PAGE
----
As you may know, last week Comcast announced that it will acquire Time Warner Cable for $45 billion in stock, making it about 30 million video subscribers large and the clear leader in the pay –TV industry. This is not a done deal, however. It faces tough sledding for approval by the FCC and DoJ – a murky, “art-filled” process that could take a year or more to see resolution.
To this end, I’ve quickly sketched out some of the more important U.S. communications policy outcomes which I believe the merger will affect or bring about:
- Reclassification is dead: Though Comcast will reportedly extend its acceptance of the FCC’s (now illegal) Net Neutrality rules (which they initially agreed to when they purchased NBC-U in 2011), it’s very likely that Net Neutrality’s more restrictive parent – Title II reclassification for the ISP industry – will not happen. Ever. Quite simply, what company would move ahead with such a merger proposal if its facilities had any chance of being opened up to third parties via old-fashioned telephone regulation? The answer: None. Smart companies like Comcast do not roll the dice on this stuff. Moving forward with their merger means Comcast “knows” Title II reclassification just isn’t in the cards.
- Content is more powerful than once thought: For all the talk in the run up to the FCC’s Net Neutrality rules that content providers needed protection so that ISPs wouldn’t block them, it’s apparent that content is a big and powerful part of this deal. Comcast’s content properties (like NBC-U) are doubtless an important differentiator and competitive tool for the company. Still, bulking up will help it shore up new bargaining power relative to other pay-TV programming. It will also ensure a softer landing from its declining pay-TV model as it seeks to survive in the complex Internet ecosystem – one which is seeing continued disruption by such potent content providers as Netflix, Amazon, YouTube, and Apple, among others. The blanket notion within the now illegal Net Neutrality rules that content somehow deserves special coddling is, well, bunk. That market is far more dynamic than the FCC’s regulations could ever admit.
- Softbank-Sprint / T-Mo merger won’t get off the ground (for now): The Comcast merger likely stalls or stops talk of merger activity between Softbank-Sprint and T-Mobile (much to their chagrin). There’s only so much the FCC and DoJ can do at once – both administratively and politically. I could be wrong, but in the present anti-merger environment, I cannot see two significant mergers running in the same communications ecosystem at the same time. Softbank-Sprint will have figure out “Plan B.”
- “Plan B” – FCC will work harder to free up licensed and unlicensed spectrum: The delayed or halted Softbank-Sprint / T-Mo merger will put more pressure on the FCC to “level the playing field” (against Verizon and AT&T) in the upcoming incentive spectrum auctions in 2015. Moreover, Softbank-Sprint’s stall, plus the Comcast merger (the latter making it a stronger wired Internet provider and rival to wireless options), will also have the effect of quickening the pace of the FCC’s efforts to unleash more spectrum for unlicensed / Wi-Fi use, too.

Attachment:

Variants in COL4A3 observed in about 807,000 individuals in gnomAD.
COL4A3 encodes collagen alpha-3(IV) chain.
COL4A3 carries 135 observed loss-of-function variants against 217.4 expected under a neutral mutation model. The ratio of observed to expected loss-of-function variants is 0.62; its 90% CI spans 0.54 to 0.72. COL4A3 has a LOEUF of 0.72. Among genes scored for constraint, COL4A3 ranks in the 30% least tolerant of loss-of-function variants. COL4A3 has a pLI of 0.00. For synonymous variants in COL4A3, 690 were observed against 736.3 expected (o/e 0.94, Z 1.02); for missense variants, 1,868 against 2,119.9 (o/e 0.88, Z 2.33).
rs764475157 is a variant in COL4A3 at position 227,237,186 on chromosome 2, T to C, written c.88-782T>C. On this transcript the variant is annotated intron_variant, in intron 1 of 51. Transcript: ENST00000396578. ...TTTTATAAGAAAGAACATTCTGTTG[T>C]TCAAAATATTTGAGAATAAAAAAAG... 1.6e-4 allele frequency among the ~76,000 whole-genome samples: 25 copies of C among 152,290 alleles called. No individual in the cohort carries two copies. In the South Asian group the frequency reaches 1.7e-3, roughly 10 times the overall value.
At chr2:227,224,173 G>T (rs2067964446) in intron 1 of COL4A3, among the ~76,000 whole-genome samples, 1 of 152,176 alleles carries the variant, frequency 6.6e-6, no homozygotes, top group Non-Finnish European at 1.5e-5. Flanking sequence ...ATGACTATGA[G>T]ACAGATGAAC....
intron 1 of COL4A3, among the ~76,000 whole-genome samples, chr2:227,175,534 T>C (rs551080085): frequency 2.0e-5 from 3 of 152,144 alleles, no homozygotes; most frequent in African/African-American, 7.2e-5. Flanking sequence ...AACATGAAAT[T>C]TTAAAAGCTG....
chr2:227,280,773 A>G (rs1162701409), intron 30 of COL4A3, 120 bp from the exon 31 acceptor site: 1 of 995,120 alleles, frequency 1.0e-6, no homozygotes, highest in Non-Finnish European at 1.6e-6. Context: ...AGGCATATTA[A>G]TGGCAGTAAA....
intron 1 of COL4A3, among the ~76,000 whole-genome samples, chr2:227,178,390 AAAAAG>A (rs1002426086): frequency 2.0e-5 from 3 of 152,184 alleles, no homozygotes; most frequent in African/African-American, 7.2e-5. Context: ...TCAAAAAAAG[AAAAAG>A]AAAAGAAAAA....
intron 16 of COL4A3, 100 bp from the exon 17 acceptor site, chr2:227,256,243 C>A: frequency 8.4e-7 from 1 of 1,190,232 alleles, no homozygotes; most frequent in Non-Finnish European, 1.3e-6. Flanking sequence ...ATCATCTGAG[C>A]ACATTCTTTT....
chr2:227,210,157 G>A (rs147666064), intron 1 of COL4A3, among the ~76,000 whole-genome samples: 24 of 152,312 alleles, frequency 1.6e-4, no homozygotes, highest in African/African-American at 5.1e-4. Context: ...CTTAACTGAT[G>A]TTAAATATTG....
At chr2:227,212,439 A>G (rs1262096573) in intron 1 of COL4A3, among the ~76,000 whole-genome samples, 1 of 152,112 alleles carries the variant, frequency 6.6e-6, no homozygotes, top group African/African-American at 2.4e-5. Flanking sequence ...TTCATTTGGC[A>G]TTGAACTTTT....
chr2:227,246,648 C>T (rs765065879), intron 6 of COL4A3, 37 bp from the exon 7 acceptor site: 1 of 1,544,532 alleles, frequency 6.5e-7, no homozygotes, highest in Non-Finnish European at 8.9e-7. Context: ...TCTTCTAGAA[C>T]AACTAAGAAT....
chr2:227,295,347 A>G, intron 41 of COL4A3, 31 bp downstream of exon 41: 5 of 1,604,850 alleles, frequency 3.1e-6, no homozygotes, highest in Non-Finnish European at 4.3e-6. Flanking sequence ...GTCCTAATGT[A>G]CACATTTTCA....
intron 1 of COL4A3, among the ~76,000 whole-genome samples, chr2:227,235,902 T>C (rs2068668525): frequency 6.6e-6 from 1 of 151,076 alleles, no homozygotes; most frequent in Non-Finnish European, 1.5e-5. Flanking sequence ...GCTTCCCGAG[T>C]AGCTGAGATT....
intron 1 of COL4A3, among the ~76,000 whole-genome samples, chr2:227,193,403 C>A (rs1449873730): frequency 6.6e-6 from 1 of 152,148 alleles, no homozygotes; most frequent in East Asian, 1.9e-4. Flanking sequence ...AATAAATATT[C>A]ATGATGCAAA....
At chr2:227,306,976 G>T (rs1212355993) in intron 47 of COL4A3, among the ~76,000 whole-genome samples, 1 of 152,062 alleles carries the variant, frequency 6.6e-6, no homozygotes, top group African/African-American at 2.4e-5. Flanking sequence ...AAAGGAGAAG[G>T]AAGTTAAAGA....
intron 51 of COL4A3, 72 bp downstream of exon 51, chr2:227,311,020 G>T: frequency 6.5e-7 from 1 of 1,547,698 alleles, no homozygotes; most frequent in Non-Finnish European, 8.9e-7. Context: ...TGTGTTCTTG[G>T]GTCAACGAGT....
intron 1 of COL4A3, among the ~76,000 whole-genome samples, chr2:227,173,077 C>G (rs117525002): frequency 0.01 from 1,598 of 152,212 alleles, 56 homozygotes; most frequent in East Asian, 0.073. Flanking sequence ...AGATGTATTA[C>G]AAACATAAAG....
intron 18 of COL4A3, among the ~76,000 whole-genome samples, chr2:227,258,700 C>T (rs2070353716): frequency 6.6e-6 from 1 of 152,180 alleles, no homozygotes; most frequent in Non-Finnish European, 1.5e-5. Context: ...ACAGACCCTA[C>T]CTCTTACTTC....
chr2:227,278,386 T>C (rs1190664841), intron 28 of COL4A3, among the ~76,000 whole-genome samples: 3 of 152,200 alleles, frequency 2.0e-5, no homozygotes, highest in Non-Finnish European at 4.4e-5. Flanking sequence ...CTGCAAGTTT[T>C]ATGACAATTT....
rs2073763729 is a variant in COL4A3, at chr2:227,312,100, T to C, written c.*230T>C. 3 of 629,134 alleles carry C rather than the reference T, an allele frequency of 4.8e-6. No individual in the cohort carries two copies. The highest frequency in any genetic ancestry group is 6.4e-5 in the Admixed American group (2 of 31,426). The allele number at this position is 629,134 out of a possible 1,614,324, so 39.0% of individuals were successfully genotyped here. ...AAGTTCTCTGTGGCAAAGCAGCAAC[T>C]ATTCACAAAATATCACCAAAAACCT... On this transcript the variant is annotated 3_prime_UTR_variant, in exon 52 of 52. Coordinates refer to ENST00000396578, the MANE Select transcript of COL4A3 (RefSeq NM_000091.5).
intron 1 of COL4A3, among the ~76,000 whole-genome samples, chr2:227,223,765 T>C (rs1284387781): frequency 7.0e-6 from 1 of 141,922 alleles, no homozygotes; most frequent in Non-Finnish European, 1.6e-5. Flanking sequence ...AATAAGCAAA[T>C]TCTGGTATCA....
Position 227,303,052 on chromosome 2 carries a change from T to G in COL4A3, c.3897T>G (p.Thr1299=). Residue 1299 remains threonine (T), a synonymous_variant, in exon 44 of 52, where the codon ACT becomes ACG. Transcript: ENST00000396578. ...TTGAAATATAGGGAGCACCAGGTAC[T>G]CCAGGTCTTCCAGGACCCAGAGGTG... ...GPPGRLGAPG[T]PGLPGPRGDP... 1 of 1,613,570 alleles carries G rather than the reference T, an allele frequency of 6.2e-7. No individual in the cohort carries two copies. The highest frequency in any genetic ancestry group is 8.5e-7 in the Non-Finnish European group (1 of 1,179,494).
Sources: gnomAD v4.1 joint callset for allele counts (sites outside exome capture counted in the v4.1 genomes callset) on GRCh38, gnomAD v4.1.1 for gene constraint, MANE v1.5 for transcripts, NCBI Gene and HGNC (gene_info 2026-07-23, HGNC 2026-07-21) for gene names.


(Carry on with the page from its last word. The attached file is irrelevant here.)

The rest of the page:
- FCC will increase its efforts to regulate Internet privacy / cyber security: The FCC has been looking at regulating Internet privacy / cyber security since at least 2010, as hinted at in the National Broadband Plan. The DC Circuit’s blessing last month of new authority to “promote broadband deployment” (a.k.a. Net Neutrality light), will only add to this desire. With the Comcast merger, it makes the company one of the biggest providers of broadband services and telephony in America. The FCC will likely seize upon all of this, justifying its new reach by declaring that it must more formally protect privacy and cyber security – through new rules – because the Internet’s continued growth and safe development for consumers depend upon it. Make no mistake, however, this will go well beyond Comcast or the other broadband providers, grabbing at edge services like Google, Facebook and Twitter, which to date remain free from direct FCC regulation.
- Congress will earnestly begin rewriting the Communications Act: The last time Congress comprehensively addressed U.S. communications policy was back in 1996, just as the Internet was taking off. With that rewrite, Congress opened up markets and set the stage for the disruption we see now. But, the law remains technology-provider based – i.e., different regulations for telephones, TV/radio, and cable. In today’s markets, this frustrates investment, innovation and technological progress. The merger, combined with the DC Circuit’s slap-down of the FCC’s Net Neutrality rules, puts added pressure on Congress to rewrite the ’96 law to better accommodate technologically-driven communications markets. The Comcast merger is the poster child for the needed change – it’s a cable, content, phone and Internet provider. FDR-era regulatory assumptions can no longer deal with this. Process and other reform – with an eye toward towards protecting the public interest in a more fact-based and technologically-agnostic manner – will likely pick up steam in the remainder of this Congress and into the next one (or two…or three).
Policymakers are people, too. The Comcast merger and its proximity to the recent Net Neutrality ruling have put policymakers on their heels, however. Their equilibrium disturbed, actions that were once on hold, or merely just dreamed about, will find new vigor and attention in the coming year(s).
More to come…